The ZeuS-derived Citadel botnet, which rose to public prominence last year, is being progressively disabled by Microsoft and the FBI is on the hunt for its masters.
Microsoft says Citadel was used to raid bank accounts around the world and netted more than $US500m. Redmond's Digital Crimes Unit says 1,000 of the estimated 1,400 botnets created by Citadel have now been booted offline.
According to Reuters, institutions hit by the botnet include American Express, Bank of America, Citigroup, Credit Suisse, eBay's PayPal, HSBC, JPMorgan Chase, Royal Bank of Canada and Wells Fargo.
Citadel, whose capabilities include keylogging, emerged after the source code for the infamous ZeuS cybercrime toolkit was released in 2011. The combination of open source code and forums for virus-writers allowed it to evolve quickly, getting features such as encrypted malware configuration files and blacklisting of security vendor Websites.
Citadel was also designed to be invisible to sites tracking ZeuS – which may help explain why it's had such a long life in the wild.
Microsoft's post concedes that not all of the botnets have been taken down, but Richard Boscovich of the Digital Crimes Unit believes it will “significantly disrupt Citadel's operation”.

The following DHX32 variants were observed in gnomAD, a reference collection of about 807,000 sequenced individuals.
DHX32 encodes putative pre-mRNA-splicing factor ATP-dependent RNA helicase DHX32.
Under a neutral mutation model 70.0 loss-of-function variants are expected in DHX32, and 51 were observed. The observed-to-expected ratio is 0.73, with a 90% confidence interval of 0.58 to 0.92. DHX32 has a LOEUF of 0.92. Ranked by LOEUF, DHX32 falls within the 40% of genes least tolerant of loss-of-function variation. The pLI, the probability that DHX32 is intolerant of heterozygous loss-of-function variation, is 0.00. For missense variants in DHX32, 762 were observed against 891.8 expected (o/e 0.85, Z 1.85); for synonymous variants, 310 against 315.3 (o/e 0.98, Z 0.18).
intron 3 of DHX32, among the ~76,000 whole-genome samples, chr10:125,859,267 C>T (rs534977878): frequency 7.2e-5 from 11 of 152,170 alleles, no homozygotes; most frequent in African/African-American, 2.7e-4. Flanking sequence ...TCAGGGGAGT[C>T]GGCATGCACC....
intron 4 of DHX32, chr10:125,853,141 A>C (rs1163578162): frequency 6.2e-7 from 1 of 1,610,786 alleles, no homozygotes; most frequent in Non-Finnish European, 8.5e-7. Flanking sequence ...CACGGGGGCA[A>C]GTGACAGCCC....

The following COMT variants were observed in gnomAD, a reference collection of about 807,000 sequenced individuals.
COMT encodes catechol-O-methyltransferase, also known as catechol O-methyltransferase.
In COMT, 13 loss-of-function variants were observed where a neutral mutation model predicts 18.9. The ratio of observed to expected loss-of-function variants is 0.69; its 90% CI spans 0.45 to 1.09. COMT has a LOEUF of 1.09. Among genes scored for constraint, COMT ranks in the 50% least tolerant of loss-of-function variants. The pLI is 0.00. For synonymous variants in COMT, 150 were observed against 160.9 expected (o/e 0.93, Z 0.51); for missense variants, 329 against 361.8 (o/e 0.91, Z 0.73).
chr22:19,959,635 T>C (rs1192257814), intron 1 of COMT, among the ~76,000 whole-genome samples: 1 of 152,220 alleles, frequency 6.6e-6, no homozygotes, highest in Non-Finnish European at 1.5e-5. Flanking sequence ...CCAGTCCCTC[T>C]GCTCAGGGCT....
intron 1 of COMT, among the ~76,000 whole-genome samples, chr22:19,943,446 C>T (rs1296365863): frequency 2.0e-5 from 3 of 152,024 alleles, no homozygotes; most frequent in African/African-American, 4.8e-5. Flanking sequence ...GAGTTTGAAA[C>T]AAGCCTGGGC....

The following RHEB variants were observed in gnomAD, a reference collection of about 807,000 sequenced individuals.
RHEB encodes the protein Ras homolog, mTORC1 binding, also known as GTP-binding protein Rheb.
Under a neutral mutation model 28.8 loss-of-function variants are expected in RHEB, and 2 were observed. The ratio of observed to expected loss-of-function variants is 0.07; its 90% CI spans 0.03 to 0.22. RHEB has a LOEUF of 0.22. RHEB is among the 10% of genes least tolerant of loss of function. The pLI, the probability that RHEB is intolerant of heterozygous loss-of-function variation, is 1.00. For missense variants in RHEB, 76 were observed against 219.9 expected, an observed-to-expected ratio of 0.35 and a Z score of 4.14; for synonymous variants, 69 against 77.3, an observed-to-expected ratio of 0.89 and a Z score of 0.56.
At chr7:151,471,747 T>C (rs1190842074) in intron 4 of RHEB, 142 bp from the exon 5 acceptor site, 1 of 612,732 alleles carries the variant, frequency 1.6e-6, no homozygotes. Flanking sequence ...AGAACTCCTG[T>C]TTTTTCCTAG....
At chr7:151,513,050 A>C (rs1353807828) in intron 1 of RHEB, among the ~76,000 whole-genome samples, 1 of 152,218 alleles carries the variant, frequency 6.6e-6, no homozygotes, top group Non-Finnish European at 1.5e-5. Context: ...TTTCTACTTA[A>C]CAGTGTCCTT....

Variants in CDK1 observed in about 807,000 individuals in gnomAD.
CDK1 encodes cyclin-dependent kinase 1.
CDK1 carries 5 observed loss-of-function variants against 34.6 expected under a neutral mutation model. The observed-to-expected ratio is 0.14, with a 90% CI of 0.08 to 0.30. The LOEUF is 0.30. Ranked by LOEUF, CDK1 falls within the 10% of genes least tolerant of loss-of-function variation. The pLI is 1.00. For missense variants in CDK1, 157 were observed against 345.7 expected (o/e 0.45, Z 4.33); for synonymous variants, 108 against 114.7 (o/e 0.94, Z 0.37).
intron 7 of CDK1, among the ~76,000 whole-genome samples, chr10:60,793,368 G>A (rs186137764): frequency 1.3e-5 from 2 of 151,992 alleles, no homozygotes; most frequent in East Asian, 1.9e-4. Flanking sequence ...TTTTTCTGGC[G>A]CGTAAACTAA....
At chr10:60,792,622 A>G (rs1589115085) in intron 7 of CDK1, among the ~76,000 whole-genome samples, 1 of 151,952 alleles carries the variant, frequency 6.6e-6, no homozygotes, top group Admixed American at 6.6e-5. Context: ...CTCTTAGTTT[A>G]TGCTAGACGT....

It was, Boscovich writes, the first time a botnet operation has involved both the private sector and law enforcement, with the FBI taking a hand to execute a civil seizure warrant to help disrupt the botnet. Data and evidence were seized from data centres in Pennsylvania and New Jersey.
Microsoft has also filed a “John Doe” civil lawsuit in North Carolina against the alleged controller of the botnet, who uses the handle Aquabox and is believed to be in Eastern Europe (partly because Citadel leaves machines in the Ukraine and Russia alone).
The FBI is also working with Europol, along with law enforcement in Australia, Brazil, Ecuador, Germany, Holland, Hong Kong, Iceland, India, Indonesia, Spain and the UK. The international effort is seeking to identify the 81 “herders” who helped Aquabox operate the botnet.
Boscovich writes: “... during our investigation we found that Citadel blocked victims’ access to many legitimate anti-virus/anti-malware sites, making it so people may not have been able to easily remove this threat from their computer. However, with the disruptive action, victims should now be able to access these previously blocked sites.
“We also found that cybercriminals are using fraudulently obtained product keys created by key generators for outdated Windows XP software to develop their malware and grow their business, demonstrating another link between software piracy and global cybersecurity threats. (Of note, Windows Vista, Windows 7 and Windows 8 have measures in place to help protect against this type of misuse of product keys.)” ®